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Article: Specifying projectors off the page?

18 April 2013

The background

In the early days of video and data projection, almost every sale required a demonstration to prove that the projector would be capable of displaying the image in the first place. Then just as importantly, would the resulting image be bright enough to actually be able to see it?


Displaying a computer image wasn’t so easy back then. Things called ‘interfaces’ were frequently required to generate a signal that the projector could process and display. Being able to see the resulting image usually required black-out conditions or the use of a very high gain projection screen, such as a parabolic screen (a rigid, silver surfaced, curved surface that had critical viewing angles in both the horizontal and vertical planes because it focussed light back into an optimum area).


Because the projectors were so expensive, quite often, we would find ourselves in a shoot-out with one or more competitors.


Now, everything has changed. The signal types and connectors are common & consumers trust the technology to work too. In the main, the projector prices have come down to the point where it doesn’t make financial sense for us to volunteer a demonstration either. Even half a day spent could demolish the margin. Who can afford to invest in a range of demonstration equipment in such a fast changing environment?


So, most projectors are sold over the phone now. The key questions now are:


·         portable or fixed?

·         the resolution required?

·         how many sources are there and what type are they?


Then we play it safe on the brightness and contrast required by suggesting something we know works (installed it before). How can that possibly go wrong?


Here’s a few things for you to consider:

·         No two installations are ever exactly the same

·         Projector specifications on paper  vary in reality. I’m not saying people lie, but there are no brightness or contrast police and the way it’s measured differs too. ANSI lumens (where the image is measured in a range of points) vs. ‘centre brightness’ where the image is only measured once in the centre (at the brightest point). Colour brightness is another. According to an article I read recently, the actual brightness can vary by as much as 20%

·         Contrast – In reality contrast is a greater function of environmental conditions such as ambient light so figures quoted are of little use and the end effect can only really be compared with an on-site demonstration

·         When using a zoom lens, the brightness can vary quite dramatically depending on where the projector is mounted. For it not to change, the lens must be ‘constant’. Many projectors offer a 2:1 zoom lens. As a rough example; in the case where the projector is expected to deliver a 100” diagonal image, you could put the projector anywhere between 10 foot and 20 foot away and at 20 foot the brightness could be halved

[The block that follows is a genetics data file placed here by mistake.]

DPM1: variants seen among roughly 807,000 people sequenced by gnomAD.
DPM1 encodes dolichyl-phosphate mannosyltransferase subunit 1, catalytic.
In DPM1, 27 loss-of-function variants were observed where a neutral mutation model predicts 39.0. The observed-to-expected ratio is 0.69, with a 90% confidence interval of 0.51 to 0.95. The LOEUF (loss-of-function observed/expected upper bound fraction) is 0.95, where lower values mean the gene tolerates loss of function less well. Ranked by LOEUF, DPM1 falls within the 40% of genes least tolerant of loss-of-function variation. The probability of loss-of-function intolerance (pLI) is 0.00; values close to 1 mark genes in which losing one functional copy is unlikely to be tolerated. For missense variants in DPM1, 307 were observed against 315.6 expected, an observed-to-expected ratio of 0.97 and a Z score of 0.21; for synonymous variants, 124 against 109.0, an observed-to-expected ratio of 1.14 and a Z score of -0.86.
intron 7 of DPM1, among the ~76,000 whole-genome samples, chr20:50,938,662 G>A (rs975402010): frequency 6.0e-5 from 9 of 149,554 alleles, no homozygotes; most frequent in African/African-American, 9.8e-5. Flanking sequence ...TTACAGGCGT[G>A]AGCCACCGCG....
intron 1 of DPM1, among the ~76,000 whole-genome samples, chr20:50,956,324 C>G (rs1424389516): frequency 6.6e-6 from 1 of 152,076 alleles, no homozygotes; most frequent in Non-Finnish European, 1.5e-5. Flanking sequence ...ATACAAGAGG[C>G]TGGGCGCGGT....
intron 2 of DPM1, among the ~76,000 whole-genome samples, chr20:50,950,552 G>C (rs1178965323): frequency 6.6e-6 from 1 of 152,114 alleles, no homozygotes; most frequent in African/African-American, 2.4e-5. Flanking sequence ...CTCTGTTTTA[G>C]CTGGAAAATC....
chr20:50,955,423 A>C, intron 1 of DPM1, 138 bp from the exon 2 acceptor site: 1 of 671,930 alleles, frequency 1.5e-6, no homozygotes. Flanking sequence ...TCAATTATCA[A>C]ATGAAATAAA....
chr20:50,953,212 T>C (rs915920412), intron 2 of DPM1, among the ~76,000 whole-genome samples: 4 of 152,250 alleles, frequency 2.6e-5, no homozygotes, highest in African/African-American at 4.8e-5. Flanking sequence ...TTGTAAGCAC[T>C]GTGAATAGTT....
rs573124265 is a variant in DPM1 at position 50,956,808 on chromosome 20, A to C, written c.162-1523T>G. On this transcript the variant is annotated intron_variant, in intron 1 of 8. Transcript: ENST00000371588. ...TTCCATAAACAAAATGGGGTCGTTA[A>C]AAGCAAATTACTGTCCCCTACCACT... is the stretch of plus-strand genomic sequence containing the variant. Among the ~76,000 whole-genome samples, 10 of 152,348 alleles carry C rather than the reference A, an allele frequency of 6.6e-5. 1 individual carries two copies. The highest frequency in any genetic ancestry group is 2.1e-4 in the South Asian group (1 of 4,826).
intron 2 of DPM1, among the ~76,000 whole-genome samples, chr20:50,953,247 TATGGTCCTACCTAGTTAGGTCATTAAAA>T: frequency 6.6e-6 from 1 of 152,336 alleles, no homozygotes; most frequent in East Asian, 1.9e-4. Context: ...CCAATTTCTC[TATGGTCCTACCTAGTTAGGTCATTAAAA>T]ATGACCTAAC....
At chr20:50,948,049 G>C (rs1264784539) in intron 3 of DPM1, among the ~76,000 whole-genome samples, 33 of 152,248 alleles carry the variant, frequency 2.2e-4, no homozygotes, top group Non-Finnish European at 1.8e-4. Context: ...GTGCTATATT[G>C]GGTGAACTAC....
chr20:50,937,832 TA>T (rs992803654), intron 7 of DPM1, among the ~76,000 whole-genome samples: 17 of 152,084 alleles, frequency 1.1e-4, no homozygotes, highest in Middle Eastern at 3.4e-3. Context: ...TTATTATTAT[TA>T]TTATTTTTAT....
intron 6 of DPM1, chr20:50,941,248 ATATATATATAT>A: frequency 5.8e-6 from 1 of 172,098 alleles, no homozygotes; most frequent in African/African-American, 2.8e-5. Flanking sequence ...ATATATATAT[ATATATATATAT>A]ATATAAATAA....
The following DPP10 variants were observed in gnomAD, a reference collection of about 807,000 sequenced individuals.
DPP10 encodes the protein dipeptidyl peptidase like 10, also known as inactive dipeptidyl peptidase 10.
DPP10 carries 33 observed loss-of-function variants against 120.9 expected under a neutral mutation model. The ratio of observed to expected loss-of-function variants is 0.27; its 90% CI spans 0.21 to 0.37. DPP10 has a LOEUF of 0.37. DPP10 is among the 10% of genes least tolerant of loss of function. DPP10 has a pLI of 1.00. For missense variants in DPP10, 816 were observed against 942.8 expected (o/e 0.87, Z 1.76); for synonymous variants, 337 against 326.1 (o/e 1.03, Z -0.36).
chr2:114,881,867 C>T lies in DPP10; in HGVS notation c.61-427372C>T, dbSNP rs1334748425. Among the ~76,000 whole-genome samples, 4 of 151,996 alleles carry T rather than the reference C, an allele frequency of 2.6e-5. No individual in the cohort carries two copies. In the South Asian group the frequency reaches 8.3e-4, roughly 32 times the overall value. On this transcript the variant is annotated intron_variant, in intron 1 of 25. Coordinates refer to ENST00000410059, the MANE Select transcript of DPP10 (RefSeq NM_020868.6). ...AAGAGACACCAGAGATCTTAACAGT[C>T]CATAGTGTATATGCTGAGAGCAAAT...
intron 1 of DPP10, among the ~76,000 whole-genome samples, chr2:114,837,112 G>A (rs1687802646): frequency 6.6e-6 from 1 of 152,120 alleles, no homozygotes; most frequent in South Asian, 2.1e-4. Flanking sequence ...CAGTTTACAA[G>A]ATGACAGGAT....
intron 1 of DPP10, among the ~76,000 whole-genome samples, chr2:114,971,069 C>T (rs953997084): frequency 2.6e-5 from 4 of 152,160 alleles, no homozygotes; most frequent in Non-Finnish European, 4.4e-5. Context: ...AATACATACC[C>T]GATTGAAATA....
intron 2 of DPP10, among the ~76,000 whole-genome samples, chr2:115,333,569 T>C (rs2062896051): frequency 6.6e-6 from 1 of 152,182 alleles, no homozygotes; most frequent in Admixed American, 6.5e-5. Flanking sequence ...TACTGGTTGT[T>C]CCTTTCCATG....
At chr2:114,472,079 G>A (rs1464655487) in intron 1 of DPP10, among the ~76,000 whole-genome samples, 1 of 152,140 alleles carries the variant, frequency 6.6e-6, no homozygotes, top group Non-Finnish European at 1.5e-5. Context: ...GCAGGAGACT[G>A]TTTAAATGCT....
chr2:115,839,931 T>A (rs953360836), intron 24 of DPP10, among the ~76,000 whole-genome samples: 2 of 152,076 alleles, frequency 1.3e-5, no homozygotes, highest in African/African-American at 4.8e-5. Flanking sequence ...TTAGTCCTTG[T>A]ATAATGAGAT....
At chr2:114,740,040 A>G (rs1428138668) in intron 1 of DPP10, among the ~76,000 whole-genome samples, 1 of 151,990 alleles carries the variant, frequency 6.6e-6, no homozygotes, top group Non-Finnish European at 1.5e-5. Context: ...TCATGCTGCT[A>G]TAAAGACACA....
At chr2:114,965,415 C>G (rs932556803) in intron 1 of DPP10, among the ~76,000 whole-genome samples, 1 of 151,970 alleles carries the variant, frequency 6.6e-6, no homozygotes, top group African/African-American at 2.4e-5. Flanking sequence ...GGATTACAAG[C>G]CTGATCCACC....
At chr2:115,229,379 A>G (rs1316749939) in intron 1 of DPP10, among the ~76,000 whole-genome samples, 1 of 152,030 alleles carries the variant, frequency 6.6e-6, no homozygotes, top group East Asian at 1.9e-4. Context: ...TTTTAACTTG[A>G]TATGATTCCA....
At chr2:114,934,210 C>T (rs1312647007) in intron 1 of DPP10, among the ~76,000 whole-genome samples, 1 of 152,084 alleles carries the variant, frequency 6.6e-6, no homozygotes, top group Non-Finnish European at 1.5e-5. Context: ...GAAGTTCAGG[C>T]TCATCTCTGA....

·         Colour accuracy might matter a lot to the user and that doesn’t get a look-in on a lot of specification sheets

·         Lens shift horizontal and vertical. Does the projector have this? If not, siting it where you want to might be a little awkward

·         Image Processing. All projectors have an in built scaler to handle a range of content however the way in which it operates will affect the image quality. This has to be seen

·         Using a projection screen or a white wall? An investment in a good quality screen (correct gain, tab tensioned) can make a £2k projector look better than a £5k one on a painted white wall. Having said that, a white wall with the right lighting conditions means there are no on-screen issues with changing aspect ratios

·         Consider technology v usage. DLP and LCOS are far better for high usage environments than LCD

·         Future ready? Resolutions are all moving widescreen (16:10 high res data) as opposed to traditional 4:3.  Even if customers think they need 4:3, new developments in BYOD (bring your own device) allow presentations from mobile devices and these are invariably widescreen format


In summary;

In my opinion, if your customer needs the best quality image, don’t specify it ‘off the page’. A site survey to decide what features are required, hence which projector best suits is essential. If their budget doesn’t stretch to the right projector, go and demonstrate the benefits of increasing it. If the margin isn’t great on this deal, don’t worry, you will make it back on future business from a client who trusts you to deliver the best solution for them. Even if they don’t have more business to place in the short term, they might just tell someone else what you did for them.



Thanks to Andy & Drew for their contributions.


The biased bit.

Of course, you won’t be surprised to know that we do distribute projectors, screens, mounts and signal distribution solutions;


Barco – 3 chip DLP technology for very high brightness and full colour spectrum.


Canon – LCOS technology for high contrast ratio. Canon lens technology for brightness consistency and sharp images. Digic4 image processing for natural colour reproduction.


NEC – Rich functionality and ease of installation features.


Draper – projection screens

Premier Mounts – projector and flat screen mounts

Kramer – switching and signal distribution

Celerity – fibre optic cables for HDMi

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